As loyal Apple Inc. fans upgrade to the newest iPhone 6, beware of potential security faux pas, as data may linger on an old phone unless it has been affirmatively removed.
Corporate data is removed from an old device during the upgrade process, said Scott Christensen, director of technology and information security at Edwards Wildman Palmer. Although the process is not the same as a full wipe, which is done when a mobile device has been lost, the effect is similar.
On the Android side, if someone with a Galaxy SIII wants to upgrade to a Galaxy S5, both devices are brought in to his IT team, Christensen said, and all corporate data on the old device are removed. The new device will then begin synchronizing data (e.g., email contacts, calendars).
“Even if the data on the old device was not actively removed, the policies in place at most firms will effectively cause that data to ‘fall off’ and be eliminated within a month or less,” Christensen said.
Technical differences, such as the type of devices, how they are connected (e.g., ActiveSync) and if a mobile device management system is in place, will play a role in how a device upgrade and wipes will be handled, said Christensen.
Err on the side of caution when updating to a new phone said Brian Brown, vice president of technology and security at Austin-based e-discovery company RenewData Corp. “There are several potential concerns with updating to the iPhone when sensitive information is on your existing one,” said Brown.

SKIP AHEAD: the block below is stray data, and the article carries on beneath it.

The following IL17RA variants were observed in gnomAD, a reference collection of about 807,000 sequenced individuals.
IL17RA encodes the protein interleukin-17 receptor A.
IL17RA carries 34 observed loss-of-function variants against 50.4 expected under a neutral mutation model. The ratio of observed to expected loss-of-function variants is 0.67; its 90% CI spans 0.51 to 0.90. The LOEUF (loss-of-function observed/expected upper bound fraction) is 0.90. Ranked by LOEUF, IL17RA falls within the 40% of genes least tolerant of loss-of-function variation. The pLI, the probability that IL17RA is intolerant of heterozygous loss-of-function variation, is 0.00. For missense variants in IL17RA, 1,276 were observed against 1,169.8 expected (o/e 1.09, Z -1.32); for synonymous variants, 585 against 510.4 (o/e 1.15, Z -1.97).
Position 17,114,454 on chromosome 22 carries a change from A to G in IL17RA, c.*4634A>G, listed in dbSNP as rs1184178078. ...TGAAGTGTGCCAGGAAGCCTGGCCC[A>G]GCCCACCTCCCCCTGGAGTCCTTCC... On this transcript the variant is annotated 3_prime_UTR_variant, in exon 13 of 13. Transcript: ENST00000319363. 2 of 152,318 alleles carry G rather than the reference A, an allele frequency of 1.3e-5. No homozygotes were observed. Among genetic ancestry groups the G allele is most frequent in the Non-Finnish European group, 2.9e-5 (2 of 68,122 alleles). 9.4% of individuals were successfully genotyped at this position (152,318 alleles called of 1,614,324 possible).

Brown shared four tips to verify that data is cleared out of your old phone:
Never hand over your device (new or old) to someone not on your IT team.
Restore your new phone using a backup saved on your laptop computer.
Safeguard your old device until it is forensically wiped.
Guard your backups. Make sure you maintain physical control over any disk/media where a backup resides.
With an iPhone, the safest way to transfer data is via an iTunes backup, Brown said. Handing a device over to a store clerk to transfer the data “introduces vulnerability and a potential for a malicious employee to siphon data from your device,” he said.
Another potential vulnerability lurks in the time lapse between decommissioning an old phone and when it’s forensically wiped, Brown said. The data on a mobile device is generally unencrypted, he said, and there is a risk of a “malicious actor mounting the device and copying all the data off the phone.”